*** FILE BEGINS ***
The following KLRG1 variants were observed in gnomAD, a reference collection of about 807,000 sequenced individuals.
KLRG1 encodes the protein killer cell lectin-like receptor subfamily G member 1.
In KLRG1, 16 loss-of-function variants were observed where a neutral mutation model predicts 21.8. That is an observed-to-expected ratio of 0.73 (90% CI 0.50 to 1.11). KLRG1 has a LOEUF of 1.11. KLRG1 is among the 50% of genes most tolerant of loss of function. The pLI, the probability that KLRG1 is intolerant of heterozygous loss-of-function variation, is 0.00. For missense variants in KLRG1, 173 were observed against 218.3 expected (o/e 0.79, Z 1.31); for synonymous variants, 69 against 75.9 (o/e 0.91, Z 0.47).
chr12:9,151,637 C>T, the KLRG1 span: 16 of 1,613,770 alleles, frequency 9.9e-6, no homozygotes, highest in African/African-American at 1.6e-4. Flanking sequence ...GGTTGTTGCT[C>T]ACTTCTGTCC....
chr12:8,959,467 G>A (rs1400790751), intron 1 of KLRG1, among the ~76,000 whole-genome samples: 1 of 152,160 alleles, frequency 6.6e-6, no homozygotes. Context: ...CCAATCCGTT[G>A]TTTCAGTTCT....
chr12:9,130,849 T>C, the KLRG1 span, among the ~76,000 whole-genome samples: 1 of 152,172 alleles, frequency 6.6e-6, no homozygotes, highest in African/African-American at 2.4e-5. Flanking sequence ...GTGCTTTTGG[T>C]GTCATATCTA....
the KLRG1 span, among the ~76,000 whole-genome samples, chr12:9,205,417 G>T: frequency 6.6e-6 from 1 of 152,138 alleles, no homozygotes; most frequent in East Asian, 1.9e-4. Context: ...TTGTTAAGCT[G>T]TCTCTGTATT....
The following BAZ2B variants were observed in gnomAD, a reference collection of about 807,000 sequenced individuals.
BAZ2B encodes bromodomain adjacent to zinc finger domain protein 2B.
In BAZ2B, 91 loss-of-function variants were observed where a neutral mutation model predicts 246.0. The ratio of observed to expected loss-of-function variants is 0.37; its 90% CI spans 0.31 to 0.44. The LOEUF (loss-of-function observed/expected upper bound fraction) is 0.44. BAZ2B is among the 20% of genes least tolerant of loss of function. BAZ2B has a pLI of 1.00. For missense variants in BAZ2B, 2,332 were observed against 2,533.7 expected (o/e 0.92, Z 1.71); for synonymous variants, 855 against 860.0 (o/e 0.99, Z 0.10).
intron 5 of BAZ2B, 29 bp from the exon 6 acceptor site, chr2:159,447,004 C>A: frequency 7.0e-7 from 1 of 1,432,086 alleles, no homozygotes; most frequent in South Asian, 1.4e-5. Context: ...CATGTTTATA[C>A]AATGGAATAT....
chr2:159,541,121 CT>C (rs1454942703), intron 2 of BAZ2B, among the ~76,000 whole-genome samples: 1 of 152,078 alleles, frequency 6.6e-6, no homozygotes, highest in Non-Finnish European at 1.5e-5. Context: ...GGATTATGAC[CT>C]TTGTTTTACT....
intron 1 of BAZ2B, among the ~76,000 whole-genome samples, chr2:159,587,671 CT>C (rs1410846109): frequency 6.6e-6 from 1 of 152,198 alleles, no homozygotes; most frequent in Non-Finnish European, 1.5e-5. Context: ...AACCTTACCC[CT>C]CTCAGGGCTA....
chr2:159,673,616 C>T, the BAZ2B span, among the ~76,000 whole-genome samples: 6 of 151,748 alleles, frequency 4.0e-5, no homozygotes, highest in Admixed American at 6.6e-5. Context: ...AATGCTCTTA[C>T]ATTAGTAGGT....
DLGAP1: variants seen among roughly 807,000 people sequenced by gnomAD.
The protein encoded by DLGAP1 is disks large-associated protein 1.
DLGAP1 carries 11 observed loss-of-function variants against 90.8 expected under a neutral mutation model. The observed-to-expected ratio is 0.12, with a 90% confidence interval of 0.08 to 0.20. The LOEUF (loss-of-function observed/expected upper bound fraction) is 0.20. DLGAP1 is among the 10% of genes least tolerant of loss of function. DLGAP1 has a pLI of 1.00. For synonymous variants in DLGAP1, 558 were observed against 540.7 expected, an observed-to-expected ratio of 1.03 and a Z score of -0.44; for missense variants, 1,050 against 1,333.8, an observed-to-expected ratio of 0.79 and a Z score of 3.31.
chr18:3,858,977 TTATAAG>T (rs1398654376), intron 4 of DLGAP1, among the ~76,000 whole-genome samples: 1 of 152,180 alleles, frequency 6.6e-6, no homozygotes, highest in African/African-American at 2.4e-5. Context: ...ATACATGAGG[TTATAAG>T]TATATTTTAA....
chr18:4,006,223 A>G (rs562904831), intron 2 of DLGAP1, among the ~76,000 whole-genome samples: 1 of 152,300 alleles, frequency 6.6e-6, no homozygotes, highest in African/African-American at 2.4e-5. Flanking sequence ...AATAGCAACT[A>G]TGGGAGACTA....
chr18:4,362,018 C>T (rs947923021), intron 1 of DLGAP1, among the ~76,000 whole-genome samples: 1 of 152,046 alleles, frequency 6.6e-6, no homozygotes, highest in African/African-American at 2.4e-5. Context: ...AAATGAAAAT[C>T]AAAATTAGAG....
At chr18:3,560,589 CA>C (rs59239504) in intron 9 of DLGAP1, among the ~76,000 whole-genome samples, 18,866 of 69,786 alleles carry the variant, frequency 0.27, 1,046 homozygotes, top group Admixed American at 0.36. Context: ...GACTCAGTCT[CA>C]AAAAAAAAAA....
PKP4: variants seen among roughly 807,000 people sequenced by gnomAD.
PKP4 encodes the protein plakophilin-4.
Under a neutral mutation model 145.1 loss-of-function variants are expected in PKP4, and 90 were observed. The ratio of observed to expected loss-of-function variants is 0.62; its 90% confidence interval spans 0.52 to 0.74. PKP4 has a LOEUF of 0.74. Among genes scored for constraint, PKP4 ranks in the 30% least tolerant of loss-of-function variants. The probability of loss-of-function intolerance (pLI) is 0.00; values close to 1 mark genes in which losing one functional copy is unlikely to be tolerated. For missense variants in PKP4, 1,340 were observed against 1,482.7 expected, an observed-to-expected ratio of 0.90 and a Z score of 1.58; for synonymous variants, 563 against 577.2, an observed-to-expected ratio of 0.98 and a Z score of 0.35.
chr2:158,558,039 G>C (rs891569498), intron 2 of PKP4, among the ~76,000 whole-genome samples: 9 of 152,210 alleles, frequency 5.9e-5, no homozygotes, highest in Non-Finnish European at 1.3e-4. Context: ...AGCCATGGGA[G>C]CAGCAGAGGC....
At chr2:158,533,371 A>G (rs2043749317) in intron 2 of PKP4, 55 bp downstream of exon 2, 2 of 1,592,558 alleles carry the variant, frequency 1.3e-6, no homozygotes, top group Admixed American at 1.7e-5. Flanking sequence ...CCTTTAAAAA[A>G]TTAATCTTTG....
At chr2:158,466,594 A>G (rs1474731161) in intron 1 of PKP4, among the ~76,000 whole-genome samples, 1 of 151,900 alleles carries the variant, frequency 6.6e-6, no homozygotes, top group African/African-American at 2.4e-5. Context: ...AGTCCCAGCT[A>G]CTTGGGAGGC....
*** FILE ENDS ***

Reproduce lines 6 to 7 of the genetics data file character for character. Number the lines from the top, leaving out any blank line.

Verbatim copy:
chr12:9,130,849 T>C, the KLRG1 span, among the ~76,000 whole-genome samples: 1 of 152,172 alleles, frequency 6.6e-6, no homozygotes, highest in African/African-American at 2.4e-5. Flanking sequence ...GTGCTTTTGG[T>C]GTCATATCTA....
the KLRG1 span, among the ~76,000 whole-genome samples, chr12:9,205,417 G>T: frequency 6.6e-6 from 1 of 152,138 alleles, no homozygotes; most frequent in East Asian, 1.9e-4. Context: ...TTGTTAAGCT[G>T]TCTCTGTATT....